and not be frivolous. In my view. [2011] 3 S. in my view. that the battle may be lost. No. the plaintiffs have to show more than just a triable issue. the leave application in securities class actions is nothing more than a speed bump.14 [41] Although I would very much prefer to treat the s. without rising to the level of demonstrating that the plaintiff has a reasonable possibility of success. 76. a reasonable cause of action will be made out if the plaintiff can show a reasonable possibility of success at trial.J. Imperial Tobacco Canada.C. It therefore appears that the OLRC’s more demanding interpretation of the “reasonable possibility of success” standard cannot be resuscitated and the s. at para. 45. cleared the higher OLRC hurdle on each of the four issues in dispute by showing not just a triable issue but a seriously arguable claim that has a reasonable possibility of success. I fear. 13 Round v. 2011 BCSC 1416. it does not require a plaintiff to demonstrate that it is more likely than not that he or she will succeed trial.. In R v. under s.R. . Here is how Harris J. MacDonald.8 hurdle as more than just a speed bump.C.15 In any event. 138. which provides the same low hurdle as the strike-pleadings Rule. given a recent Supreme Court decision. [42] I will consider each of the four issues in turn.8 leave hurdle is doomed to be nothing more than a speed bump. 1980. / OLRC approach. in this case. [2011] B. I would interpret s. the plaintiffs have easily cleared the “more than a chance” hurdle. the Supreme Court noted at para.” Thus. 14 15 Ibid. Dettwiler and Associates Ltd. 2011 SCC 42. An action may have some merit. This amounts to the same thing as a “reasonable possibility of success. MacDonald13 reflects the OLRC standard.C. As I explain below.8 along the lines suggested by the OLRC: that is. scandalous or vexatious actions. described the higher hurdle: Establishing a reasonable possibility of success at trial involves more than merely raising a triable issue or articulating a cause of action. [40] For my part. in my view. scandalous or vexatious. aff’d 2012 BCCA 456. the reasoning of the British Columbia Supreme Court in Round v. They have also. 17 that under the strike-pleadings Rule one only has to show a “reasonable prospect of success” at trial. 138. Otherwise. 5(1)(a) of the CPA. Equally. 138. that the test is intended to do more than screen out clearly frivolous.Page: 11 possibility of success at trial. But it is clear. I would have come to the same conclusion under both the relaxed Ontario approach and the more demanding B.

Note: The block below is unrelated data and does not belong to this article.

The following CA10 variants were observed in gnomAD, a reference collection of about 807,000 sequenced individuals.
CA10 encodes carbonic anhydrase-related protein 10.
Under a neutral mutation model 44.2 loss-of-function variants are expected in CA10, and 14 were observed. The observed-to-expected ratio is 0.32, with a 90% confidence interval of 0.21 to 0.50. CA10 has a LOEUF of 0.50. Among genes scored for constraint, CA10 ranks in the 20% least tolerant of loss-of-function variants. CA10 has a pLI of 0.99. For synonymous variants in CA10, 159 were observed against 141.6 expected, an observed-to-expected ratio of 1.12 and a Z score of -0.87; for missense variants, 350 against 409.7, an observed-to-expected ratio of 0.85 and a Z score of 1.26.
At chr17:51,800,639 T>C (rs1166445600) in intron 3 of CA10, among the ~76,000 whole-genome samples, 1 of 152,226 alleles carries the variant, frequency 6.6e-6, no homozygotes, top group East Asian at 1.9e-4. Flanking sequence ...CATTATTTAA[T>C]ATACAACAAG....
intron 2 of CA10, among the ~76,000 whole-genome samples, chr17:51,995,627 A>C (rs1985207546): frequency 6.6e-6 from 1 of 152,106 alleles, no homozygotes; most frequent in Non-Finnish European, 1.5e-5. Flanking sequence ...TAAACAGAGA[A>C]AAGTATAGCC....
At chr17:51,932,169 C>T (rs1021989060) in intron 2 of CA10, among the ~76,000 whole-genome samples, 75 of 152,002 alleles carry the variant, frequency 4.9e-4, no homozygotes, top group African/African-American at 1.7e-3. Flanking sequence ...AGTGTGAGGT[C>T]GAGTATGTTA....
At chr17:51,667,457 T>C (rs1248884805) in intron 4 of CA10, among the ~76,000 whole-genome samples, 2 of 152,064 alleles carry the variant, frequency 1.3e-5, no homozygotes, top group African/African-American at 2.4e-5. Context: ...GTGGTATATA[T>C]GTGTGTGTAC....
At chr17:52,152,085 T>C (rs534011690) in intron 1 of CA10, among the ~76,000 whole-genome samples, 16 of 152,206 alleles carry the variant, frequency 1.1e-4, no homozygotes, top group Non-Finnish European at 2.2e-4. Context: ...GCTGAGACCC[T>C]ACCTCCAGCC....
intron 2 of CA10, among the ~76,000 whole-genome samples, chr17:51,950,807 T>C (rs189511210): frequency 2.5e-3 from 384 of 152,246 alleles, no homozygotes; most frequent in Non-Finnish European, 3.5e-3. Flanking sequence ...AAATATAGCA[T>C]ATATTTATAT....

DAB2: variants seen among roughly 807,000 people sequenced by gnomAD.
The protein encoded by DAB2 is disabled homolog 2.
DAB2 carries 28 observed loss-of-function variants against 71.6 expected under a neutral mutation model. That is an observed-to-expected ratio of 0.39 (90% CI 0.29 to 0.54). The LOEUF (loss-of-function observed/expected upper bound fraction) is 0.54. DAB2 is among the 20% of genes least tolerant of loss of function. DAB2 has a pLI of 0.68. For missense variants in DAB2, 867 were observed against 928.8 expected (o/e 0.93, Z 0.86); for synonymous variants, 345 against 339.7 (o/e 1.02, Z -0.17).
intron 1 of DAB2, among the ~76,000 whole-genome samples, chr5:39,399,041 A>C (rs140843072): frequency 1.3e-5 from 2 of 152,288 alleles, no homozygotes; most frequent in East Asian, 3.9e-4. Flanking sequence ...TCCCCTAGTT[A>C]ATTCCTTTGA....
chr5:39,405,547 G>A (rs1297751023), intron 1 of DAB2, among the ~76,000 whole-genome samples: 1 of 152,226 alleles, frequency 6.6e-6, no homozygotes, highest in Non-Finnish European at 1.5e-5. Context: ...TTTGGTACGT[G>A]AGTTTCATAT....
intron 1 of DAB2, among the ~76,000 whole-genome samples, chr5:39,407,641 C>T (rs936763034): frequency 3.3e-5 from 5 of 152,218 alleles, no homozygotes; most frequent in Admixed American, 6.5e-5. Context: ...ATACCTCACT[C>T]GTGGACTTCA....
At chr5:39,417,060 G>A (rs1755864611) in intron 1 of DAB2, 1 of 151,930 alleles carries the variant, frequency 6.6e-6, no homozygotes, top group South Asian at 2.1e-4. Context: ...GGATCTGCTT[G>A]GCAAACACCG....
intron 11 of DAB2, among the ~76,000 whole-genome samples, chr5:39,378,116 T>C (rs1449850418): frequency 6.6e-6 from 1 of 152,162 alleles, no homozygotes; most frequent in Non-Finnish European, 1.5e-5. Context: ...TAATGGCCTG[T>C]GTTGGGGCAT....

For example. Furthermore. RBC and Credit Suisse continued to write about MFC’s vulnerability to equity market swings. says MFC.” [46] The plaintiffs say it is simply not true that all of the analysts knew what MFC was doing. as the financial crisis deepened in 2008. only about 5% was hedged. Chambers’ expertise but filed no evidence in response to his or to the other two experts’ reports. these and other market analysts such as TD. [45] Indeed. The Moody’s report suggested that “Manulife was essentially writing a put option on the equity markets—that is. low frequency occurrence of a prolonged and steep equity market downturn”. Even if all 18 analysts that followed the company knew about the latter (which was not the case) it does not follow that “the market” knew.Page: 12 (i) Did MFC materially misrepresent the nature and extent of its exposure to the equity market or was this already known in the market? [43] MFC argues that the allegations of misrepresentation and non-disclosure are misplaced and unfounded because all of the impugned information was well known to the market. says MFC. analysts and rating agencies knew as early as 2005 that MFC was not hedging the new Guaranteed Products line and would not be doing so until late 2007. MFC was closely followed by 18 analysts over the time period in question and by numerous rating agencies.” (In fact. as early as October 2006 Moody’s had assessed the risk of MFC’s Guaranteed Products business and concluded that the company would be exposed to “catastrophic risk” if there was “a high severity. . an option that protected purchasers of the Guaranteed Products in the event of an equity market collapse. were still reporting as late as December 2008 that MFC’s primary risks were “political and regulatory risks” and were saying nothing about the company’s unhedged exposure risks. says MFC. argue the plaintiffs. Nor did it help matters. The defendants disparaged Mr. Rubenovitch provided analysts in a November 2008 conference call with the highly misleading information that MFC hedged “a substantial portion but not 100 per cent of the product.) [47] The expert evidence of Robert Chambers was that MFC’s decision not to hedge was material information that was not adequately disclosed. such as Keefe Bruyette Woods. when Mr. [44] MFC refers to the reports prepared by Moody’s. Moody’s may well have discussed “catastrophic risk” in their October 2006 report but other analysts. Fitch Ratings and Genuity dated 2005 to 2007 that clearly pointed out that MFC was not hedging its new line of Guaranteed Products and was thus sensitive to equity market risk.